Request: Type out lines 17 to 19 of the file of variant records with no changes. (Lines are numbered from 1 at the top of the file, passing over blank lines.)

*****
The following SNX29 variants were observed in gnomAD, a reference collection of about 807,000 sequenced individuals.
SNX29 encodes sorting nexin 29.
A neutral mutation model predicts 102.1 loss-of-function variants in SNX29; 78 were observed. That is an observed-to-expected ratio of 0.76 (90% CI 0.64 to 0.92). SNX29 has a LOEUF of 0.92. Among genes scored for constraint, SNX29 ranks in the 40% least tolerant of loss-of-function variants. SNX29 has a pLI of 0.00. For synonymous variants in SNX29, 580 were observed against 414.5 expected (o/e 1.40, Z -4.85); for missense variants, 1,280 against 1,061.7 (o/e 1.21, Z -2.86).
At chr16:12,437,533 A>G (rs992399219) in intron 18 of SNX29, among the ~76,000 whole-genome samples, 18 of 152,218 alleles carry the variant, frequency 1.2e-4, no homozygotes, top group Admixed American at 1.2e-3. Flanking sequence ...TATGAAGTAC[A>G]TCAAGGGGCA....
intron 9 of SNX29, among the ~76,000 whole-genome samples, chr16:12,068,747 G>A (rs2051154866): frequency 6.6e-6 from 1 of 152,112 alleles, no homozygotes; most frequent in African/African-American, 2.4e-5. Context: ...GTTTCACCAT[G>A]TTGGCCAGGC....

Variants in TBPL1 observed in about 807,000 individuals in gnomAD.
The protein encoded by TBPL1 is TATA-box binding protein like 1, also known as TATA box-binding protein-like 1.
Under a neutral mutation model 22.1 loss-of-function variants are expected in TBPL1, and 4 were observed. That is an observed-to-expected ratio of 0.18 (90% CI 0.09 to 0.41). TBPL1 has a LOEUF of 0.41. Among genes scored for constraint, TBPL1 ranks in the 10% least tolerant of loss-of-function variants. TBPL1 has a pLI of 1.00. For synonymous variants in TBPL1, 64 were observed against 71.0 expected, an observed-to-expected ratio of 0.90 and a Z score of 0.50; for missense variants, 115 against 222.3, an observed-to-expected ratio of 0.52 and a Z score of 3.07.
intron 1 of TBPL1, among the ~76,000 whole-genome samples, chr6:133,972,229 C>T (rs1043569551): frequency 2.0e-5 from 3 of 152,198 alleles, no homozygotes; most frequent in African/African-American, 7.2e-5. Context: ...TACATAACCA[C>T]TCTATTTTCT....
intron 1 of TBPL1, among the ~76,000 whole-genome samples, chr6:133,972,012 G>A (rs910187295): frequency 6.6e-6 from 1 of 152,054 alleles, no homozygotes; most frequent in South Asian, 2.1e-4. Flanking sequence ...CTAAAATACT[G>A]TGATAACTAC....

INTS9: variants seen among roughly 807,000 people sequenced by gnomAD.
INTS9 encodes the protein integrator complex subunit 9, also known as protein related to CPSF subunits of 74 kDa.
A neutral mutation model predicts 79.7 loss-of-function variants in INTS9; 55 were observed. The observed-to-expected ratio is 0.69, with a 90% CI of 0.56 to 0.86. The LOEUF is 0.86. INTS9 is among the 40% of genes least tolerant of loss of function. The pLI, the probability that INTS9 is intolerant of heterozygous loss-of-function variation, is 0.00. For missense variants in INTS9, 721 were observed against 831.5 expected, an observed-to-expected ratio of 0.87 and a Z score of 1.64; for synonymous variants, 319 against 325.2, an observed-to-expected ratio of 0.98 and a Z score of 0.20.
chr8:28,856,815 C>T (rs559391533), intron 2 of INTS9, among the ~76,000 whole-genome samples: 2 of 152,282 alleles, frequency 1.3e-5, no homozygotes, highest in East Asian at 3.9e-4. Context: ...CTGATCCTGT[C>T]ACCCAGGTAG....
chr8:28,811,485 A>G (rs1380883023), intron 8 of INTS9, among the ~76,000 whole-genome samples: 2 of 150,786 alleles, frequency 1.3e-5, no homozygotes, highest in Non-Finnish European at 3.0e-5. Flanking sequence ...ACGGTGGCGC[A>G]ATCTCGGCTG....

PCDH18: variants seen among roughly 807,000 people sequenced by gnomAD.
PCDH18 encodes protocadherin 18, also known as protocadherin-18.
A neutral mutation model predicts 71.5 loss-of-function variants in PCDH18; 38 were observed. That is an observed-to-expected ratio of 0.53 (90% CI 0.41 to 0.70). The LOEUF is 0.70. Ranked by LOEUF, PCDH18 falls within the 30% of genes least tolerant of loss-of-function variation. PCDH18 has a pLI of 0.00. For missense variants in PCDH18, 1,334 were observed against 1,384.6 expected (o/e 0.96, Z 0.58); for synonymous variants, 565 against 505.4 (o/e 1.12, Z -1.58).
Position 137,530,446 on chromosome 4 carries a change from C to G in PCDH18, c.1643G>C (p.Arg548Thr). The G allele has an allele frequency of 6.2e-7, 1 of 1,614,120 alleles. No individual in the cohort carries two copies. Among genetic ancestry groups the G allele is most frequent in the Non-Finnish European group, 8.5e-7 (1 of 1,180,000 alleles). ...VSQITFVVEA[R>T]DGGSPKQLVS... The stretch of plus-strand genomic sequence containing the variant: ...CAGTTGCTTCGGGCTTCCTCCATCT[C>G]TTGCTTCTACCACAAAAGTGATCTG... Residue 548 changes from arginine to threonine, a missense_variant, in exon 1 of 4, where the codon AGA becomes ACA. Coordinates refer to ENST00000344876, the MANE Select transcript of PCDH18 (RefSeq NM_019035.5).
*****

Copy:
PCDH18 encodes protocadherin 18, also known as protocadherin-18.
A neutral mutation model predicts 71.5 loss-of-function variants in PCDH18; 38 were observed. That is an observed-to-expected ratio of 0.53 (90% CI 0.41 to 0.70). The LOEUF is 0.70. Ranked by LOEUF, PCDH18 falls within the 30% of genes least tolerant of loss-of-function variation. PCDH18 has a pLI of 0.00. For missense variants in PCDH18, 1,334 were observed against 1,384.6 expected (o/e 0.96, Z 0.58); for synonymous variants, 565 against 505.4 (o/e 1.12, Z -1.58).
Position 137,530,446 on chromosome 4 carries a change from C to G in PCDH18, c.1643G>C (p.Arg548Thr). The G allele has an allele frequency of 6.2e-7, 1 of 1,614,120 alleles. No individual in the cohort carries two copies. Among genetic ancestry groups the G allele is most frequent in the Non-Finnish European group, 8.5e-7 (1 of 1,180,000 alleles). ...VSQITFVVEA[R>T]DGGSPKQLVS... The stretch of plus-strand genomic sequence containing the variant: ...CAGTTGCTTCGGGCTTCCTCCATCT[C>G]TTGCTTCTACCACAAAAGTGATCTG... Residue 548 changes from arginine to threonine, a missense_variant, in exon 1 of 4, where the codon AGA becomes ACA. Coordinates refer to ENST00000344876, the MANE Select transcript of PCDH18 (RefSeq NM_019035.5).